Everything we currently know about Mass Effect: Andromeda, the franchise’s debut game for Xbox One
In classical mythology, Andromeda was a pretty lady who had to be fed to a giant sea monster after her dad annoyed the gods. She was spared this fate when the hero Perseus came by on a winged horse. Typical Ancient Greek playboy behaviour, that. Now, imagine that Andromeda is actually a trillion stars arranged in a rough spiral, that the monster is some sort of angry extraterrestrial species, that Perseus is a refugee from the Milky Way galaxy, and that the winged horse is a tricked-out spaceship. Congratulations: you’ve basically just thought of the elevator pitch for Mass Effect: Andromeda.
BioWare has yet to reveal much about the first Mass Effect game for Xbox One, but it has dropped hints aplenty in addition to some fetching concept artworks, and it’s obviously possible to extrapolate from the events of Mass Effect 3. Polish off those calibrations and join us for a rundown. Beware major series spoilers.
SO WHY ISN’T IT CALLED MASS EFFECT 4?
The developers have tied themselves in knots attempting to summarise Andromeda’s link to the original trilogy. The game isn’t a “sequel” to Mass Effect 3, apparently, but it does take place later in the chronology. It’s a fresh start for the series, conceived by a new team at BioWare Edmonton and set in a separate galaxy with an all-new cast, but this is no spin-off. It’s to some extent a return to Mass Effect 1 – the hope is to cultivate the same wonder players felt on first setting foot on the Citadel, free of the general emotional baggage you’d amassed by the close of the trilogy. But for all that, we shouldn’t call this a reboot.
However you categorise it, Andromeda sounds thrilling. The gist is as follows: many years after the fall of the Reaper threat in Mass Effect 3, the Milky Way galaxy is still in a bad shape. It remains shaken, it appears, by the destruction of the Mass Relays during the Reaper attack on Earth, which has put a stop to easy communication between systems and thus left entire planets and species utterly isolated. It’s not clear which of the original trilogy’s endings the new Mass Effect treats as canon – this may prove to be one of the choices you’ll make when setting up your game – but given that BioWare has promised a mix of new and returning species, we can probably scratch the “Synthesis” ending, under which all organic and synthetic lifeforms were merged into one.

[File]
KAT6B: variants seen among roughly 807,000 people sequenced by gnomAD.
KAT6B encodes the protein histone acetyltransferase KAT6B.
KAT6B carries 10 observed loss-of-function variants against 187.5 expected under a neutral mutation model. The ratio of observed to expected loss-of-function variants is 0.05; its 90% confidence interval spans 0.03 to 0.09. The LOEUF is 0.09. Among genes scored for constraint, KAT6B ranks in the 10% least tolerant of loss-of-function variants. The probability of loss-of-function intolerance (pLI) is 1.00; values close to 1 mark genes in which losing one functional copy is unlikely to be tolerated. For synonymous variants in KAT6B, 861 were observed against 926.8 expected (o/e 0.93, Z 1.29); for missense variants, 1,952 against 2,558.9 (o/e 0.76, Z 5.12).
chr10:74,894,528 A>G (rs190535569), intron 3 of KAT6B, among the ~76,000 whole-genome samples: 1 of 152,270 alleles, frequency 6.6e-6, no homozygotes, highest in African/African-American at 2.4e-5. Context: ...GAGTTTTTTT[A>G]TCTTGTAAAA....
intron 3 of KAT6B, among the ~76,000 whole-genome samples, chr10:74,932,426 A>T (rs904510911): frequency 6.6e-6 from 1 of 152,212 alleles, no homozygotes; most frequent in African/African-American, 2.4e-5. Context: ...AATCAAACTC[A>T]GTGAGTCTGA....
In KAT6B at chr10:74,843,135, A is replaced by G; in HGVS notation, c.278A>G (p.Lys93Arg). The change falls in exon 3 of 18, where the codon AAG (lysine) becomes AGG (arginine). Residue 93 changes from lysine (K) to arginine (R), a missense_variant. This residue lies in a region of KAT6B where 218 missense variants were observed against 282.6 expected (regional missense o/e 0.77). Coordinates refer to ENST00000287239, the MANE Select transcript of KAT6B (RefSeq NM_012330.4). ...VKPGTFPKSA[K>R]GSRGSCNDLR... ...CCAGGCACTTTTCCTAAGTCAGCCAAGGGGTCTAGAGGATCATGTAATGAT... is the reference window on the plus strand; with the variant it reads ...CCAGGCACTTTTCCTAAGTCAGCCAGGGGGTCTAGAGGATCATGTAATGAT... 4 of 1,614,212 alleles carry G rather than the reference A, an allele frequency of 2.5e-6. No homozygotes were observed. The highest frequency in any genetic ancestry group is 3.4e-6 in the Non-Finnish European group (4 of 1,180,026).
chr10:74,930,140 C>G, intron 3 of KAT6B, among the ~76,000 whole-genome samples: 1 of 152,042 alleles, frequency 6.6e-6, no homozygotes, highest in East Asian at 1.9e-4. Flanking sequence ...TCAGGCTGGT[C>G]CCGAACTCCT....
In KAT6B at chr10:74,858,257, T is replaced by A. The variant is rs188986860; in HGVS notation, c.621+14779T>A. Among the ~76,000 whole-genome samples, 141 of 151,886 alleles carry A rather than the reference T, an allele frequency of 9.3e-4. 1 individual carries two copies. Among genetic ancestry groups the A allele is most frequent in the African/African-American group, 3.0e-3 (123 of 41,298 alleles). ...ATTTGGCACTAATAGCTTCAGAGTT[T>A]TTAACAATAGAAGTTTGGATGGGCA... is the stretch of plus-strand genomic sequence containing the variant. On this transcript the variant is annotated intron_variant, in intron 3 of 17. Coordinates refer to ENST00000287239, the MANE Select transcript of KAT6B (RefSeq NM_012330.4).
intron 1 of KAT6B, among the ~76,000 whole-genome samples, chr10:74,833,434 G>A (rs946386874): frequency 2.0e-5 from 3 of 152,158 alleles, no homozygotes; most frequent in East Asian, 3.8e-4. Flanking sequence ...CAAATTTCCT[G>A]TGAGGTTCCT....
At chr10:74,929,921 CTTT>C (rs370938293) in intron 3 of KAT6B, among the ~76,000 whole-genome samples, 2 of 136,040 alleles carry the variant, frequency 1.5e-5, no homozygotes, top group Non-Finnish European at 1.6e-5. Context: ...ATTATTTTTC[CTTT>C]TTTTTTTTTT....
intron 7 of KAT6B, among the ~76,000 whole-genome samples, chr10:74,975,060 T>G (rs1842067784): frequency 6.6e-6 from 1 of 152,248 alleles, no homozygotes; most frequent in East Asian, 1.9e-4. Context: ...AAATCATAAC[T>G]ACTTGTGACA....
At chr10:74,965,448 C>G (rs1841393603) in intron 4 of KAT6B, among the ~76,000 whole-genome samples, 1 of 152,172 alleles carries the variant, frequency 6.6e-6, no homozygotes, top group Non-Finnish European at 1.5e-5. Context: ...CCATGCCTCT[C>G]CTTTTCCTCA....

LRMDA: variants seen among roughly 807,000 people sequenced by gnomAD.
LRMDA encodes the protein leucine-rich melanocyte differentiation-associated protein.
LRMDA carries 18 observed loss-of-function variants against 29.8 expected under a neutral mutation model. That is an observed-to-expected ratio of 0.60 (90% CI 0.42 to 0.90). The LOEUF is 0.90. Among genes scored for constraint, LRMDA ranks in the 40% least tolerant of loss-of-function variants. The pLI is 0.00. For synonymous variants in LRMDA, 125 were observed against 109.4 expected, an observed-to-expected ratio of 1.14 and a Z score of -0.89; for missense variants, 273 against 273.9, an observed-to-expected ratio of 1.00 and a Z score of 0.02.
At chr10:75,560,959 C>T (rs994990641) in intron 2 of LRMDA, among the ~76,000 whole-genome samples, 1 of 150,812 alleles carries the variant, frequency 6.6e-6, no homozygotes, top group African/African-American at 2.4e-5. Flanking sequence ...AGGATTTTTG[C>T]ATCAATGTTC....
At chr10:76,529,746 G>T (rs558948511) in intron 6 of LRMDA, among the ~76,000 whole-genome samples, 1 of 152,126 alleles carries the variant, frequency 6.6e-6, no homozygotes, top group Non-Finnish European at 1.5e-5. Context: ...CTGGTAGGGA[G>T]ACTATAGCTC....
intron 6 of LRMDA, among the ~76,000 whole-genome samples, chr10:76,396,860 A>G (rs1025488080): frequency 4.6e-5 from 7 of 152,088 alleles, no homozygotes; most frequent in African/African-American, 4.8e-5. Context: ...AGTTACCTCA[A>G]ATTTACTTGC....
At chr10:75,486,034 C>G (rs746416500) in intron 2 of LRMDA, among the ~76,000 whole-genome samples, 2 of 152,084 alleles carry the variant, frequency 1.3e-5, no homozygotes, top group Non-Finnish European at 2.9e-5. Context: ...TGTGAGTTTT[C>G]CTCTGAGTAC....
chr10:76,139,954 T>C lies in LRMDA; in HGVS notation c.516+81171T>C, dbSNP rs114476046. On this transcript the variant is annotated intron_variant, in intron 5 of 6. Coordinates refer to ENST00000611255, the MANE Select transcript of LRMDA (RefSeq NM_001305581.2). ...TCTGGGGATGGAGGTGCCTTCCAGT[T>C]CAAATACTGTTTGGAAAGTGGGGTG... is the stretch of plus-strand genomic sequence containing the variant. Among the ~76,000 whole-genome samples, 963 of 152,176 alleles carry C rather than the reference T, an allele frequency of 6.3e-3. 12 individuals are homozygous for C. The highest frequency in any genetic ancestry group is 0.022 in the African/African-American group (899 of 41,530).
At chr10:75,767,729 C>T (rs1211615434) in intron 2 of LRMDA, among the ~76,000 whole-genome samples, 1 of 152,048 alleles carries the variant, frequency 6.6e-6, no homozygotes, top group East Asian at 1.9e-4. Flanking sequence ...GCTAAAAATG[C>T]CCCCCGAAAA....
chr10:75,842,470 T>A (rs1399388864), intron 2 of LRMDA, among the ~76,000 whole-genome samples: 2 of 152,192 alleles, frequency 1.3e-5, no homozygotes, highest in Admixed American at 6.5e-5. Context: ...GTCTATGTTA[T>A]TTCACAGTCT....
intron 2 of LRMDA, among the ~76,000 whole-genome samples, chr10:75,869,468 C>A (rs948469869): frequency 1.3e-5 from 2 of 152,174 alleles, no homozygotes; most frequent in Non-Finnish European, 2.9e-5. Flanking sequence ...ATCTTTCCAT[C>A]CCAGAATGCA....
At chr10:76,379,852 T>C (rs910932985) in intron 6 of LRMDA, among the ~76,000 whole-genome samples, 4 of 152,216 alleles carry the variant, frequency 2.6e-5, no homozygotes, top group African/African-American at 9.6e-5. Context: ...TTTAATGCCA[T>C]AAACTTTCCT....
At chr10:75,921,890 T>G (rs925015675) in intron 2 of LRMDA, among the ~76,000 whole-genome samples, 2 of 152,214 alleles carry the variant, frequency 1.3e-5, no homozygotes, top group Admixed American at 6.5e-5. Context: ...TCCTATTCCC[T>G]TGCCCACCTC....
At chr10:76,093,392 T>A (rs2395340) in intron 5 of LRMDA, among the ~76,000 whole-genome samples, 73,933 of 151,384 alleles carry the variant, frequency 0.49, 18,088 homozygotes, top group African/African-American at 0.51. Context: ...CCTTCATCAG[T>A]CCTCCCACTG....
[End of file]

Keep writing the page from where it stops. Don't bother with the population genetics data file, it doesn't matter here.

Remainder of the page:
Seeking a new home for humanity and its allies, the protagonist and his or her entourage set out to scour the nearby (well, give or take a couple of million light years) Andromeda galaxy or new planets to settle on. How this is achieved remains to be explained, but the presence of familiar weapons and gear in promotional materials suggests not much time has passed, and ergo, that the Milky Way’s civilisations have bridged the gulf quickly.
Another possible explanation for the reappearance of old tech is that the player and his or her allies have spent hundreds of years in stasis aboard a conventional spacecraft. According to the Mass Effect Wiki, a Citadel starship can travel around 15 light years in Zk hours. Assuming the ship leaves for Andromeda around the close of Mass Effect 3, this would place the events of the game in the 27th century.